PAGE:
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Expert issues urgent warning to parents over Blue Whale ‘suicide challenge’ after being linked to death of Brit
26 September 2023, 14:31 | Updated: 26 September 2023, 14:38
Experts have issued an urgent warning to parents over the Blue Whale ‘suicide challenge’ after it has been linked to the death of a man in Portugal, his friends have claimed.
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A British man, 35, was stabbed to death in Portugal after allegedly taking part in the ‘Blue Whale suicide challenge’.
The ‘challenge’ first originated in Russia in 2016 and has been linked to multiple deaths across the world, including cases in Ukraine, India and the United States.
It is thought the challenge encourages teenagers to participate in 50 tasks over 50 days. The tasks reportedly range from watching horror films, to waking at unusual hours, self harm and eventually suicide.
Experts have now issued a warning to parents after the death of a Brit in Portugal, which has been linked to the game.
A group of six friends were allegedly staying at an “off-grid” commune in a forest around 120 miles north of Lisbon.
On Saturday evening they left a party on the grounds they were camping at to go to a nearby woodland to ‘play the game’.
A 36-year-old man was allegedly killed during the course of the evening following a row between the group of friends. The following morning a 26-year-old handed himself in to police.
The body of the man, who has not been named, was found in the middle of the forest near the central town of Pedrogao Grande.
Dr Mark Griffiths, a professor of behavioural addiction at Nottingham Trent University, warned parents to stay vigilant to changes in their children’s mood and behaviour.
He told MailOnline: “If the game even really exists, those in control of the game prey on young impressionable individuals (i.e., young teenagers) particularly those who are depressed and socially withdrawn.”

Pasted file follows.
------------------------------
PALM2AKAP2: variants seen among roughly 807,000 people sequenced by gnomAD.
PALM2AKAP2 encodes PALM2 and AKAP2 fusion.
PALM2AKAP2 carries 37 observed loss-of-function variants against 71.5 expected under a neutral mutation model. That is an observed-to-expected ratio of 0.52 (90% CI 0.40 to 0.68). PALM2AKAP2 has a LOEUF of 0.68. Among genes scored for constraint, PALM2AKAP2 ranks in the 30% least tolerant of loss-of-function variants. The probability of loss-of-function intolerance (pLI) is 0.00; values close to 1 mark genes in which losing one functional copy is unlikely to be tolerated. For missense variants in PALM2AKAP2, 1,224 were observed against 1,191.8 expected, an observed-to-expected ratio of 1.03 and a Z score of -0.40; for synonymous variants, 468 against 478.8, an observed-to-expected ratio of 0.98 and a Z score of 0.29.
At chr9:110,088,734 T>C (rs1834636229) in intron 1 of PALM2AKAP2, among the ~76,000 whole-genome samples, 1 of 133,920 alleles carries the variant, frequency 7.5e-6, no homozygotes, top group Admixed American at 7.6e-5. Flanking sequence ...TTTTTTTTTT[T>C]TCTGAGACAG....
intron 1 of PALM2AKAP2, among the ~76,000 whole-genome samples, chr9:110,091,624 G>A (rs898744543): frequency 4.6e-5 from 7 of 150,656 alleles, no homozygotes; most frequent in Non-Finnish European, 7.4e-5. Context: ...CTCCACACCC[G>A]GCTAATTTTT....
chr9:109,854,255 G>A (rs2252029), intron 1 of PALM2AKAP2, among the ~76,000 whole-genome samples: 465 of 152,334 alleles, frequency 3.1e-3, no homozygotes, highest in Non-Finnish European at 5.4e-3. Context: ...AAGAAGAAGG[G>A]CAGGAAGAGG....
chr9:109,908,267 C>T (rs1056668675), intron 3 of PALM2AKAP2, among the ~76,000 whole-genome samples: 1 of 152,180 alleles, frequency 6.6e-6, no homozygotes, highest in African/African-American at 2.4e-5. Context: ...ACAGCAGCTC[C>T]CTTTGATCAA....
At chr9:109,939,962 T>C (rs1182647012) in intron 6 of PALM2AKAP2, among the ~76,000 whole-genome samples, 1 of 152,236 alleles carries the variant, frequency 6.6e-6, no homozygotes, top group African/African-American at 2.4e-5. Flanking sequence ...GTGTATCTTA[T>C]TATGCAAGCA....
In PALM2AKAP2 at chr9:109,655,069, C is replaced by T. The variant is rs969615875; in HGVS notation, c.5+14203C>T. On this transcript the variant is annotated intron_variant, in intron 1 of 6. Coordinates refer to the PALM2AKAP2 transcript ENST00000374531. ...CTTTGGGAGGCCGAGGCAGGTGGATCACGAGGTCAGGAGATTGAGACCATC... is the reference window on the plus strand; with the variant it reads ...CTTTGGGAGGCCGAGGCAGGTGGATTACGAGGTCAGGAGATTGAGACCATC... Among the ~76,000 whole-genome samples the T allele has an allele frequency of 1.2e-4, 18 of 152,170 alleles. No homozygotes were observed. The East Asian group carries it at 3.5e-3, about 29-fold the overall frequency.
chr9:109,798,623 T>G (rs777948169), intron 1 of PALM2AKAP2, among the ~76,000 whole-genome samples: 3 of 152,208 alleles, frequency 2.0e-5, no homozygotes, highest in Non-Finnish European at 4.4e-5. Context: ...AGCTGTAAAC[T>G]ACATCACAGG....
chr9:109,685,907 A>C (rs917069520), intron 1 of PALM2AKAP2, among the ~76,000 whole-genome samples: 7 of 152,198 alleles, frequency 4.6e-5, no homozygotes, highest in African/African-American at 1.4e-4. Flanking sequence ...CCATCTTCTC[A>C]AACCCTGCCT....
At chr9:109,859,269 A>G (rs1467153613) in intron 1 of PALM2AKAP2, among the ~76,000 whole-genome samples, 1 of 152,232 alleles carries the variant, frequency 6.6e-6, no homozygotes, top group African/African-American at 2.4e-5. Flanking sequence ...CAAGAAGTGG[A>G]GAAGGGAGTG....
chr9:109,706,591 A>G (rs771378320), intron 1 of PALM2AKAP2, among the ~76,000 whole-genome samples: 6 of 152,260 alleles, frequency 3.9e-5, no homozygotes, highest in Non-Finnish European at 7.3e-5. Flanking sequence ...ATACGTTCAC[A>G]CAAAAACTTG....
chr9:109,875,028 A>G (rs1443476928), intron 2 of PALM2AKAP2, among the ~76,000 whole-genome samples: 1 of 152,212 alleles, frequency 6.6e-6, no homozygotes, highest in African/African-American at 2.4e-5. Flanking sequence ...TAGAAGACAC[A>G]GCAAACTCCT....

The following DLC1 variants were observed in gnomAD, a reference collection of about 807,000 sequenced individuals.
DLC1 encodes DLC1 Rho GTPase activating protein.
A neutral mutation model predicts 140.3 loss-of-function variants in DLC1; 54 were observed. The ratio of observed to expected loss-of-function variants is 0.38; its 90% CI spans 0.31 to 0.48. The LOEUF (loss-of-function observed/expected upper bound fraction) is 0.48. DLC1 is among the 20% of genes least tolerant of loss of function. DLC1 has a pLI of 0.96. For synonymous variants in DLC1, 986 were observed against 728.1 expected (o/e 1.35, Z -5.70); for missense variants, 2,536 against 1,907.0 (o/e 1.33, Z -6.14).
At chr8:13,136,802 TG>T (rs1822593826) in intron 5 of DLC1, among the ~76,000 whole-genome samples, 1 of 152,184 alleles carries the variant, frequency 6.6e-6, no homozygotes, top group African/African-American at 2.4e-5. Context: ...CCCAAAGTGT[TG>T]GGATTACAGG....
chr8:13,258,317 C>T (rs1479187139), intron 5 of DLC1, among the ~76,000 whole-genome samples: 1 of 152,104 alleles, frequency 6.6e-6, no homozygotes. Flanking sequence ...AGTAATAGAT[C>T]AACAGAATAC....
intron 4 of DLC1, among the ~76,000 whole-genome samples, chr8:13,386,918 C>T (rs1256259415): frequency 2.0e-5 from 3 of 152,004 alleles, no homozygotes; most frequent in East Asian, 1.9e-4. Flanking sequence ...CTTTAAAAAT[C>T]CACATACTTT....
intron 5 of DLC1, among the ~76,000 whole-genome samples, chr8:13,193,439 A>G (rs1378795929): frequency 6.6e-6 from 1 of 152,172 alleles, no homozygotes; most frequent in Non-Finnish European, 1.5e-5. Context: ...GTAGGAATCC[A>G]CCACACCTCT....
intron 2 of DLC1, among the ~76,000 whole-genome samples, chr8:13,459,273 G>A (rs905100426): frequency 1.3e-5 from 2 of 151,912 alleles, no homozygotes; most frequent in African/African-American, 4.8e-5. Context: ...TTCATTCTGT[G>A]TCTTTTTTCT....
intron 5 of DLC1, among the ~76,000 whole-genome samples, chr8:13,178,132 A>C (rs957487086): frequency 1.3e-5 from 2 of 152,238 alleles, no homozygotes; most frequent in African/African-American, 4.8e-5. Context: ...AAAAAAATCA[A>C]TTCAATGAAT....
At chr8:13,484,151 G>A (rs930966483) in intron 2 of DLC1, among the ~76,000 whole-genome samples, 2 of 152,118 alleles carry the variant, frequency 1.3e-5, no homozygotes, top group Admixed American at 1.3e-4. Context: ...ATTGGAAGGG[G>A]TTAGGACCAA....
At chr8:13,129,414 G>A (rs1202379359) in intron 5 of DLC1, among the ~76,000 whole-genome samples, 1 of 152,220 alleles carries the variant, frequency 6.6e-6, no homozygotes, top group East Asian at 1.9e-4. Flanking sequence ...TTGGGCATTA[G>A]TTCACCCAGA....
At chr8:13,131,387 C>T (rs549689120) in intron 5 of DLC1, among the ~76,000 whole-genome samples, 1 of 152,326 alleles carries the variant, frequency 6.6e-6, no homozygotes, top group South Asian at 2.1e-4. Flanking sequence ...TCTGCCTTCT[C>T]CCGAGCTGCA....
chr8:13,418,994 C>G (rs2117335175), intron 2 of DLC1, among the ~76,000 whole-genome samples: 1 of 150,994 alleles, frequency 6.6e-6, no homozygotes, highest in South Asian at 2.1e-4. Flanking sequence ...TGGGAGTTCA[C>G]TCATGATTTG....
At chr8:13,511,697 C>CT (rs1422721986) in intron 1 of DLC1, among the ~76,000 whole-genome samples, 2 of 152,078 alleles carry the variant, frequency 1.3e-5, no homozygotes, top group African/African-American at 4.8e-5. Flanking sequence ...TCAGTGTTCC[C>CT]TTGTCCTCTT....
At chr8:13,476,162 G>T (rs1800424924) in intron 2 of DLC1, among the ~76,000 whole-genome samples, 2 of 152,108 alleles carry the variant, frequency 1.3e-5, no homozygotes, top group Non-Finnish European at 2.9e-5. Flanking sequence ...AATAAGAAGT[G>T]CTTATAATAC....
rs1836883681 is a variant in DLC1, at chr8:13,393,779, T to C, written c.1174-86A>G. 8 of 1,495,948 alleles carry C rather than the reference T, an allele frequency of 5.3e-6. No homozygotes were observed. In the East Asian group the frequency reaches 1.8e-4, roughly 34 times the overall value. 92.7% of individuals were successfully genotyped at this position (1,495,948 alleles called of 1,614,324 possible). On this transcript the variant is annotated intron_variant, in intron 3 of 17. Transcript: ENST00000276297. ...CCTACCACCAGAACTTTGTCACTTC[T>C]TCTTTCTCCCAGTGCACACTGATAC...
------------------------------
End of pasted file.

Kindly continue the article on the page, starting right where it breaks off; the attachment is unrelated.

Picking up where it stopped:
“Parents should be attentive to any changes in their child's behaviour such as them becoming withdrawn, non-communicative, leaving the house at unusual times and/or getting up very early all the time, taking selfies in dangerous places, an increasing interest in self-harming behaviour (e.g. looking at self-harm-sites), and being fearful of social media.
“However, these signs can be indicative of many other things and nothing to do with the Blue Whale Challenge.
“As a responsible parent, you have every right to check what your child is doing on the internet and on their smartphones.
“You can also check for Blue Whale drawings on bedroom walls or on arms and legs.”
Carolyn Bunting MBE, Co-CEO of Internet Matters, a non-profit online safety organisation also told the outlet: “No matter how digitally savvy you might think your children are, they can still be vulnerable, often not having the critical thinking and emotional maturity to deal with harmful content that can be available online.”
The game has been heavily associated with the name Jonathan Galindo, a fictional internet character, also sometimes known as ‘Cursed Goofy’ who allegedly contacts players to join the challenge.
Images of Galindo have often shown him with his face painted like Mickey Mouse or a dog.
The tasks are set by an anonymous “mentor” through online messaging services and are said to focus on “creating psychologically traumatising situations” that result in suicide.
While some have questioned the legitimacy of the challenge, UK authorities previously issued advice to schools in 2020 as the game started to spread online.
It has not been confirmed whether the death of the 36-year-old was linked to the challenge, as the group of friends “told police they had been playing the game” but no evidence has been found of this yet, a source told The Times.
Portugal’s Policia Judiciária force is leading investigations into the man's death.
Northants Police issued a warning in 2020 as the challenge circulated online: “We are aware of a disturbing social media challenge circulating called the 'Blue Whale Challenge' which encourages teenagers to take part in a series of 50 challenges that culminate in committing suicide.
“This challenge first appeared in 2016 and tasks are given online or through text messages, instant messages or posts on Instagram and Twitter.
“Please talk to your children about the dangers and tell them not to open any messages or challenges of this kind.”
For confidential support, Samaritans can be contacted by calling 116 123 or at samaritans.org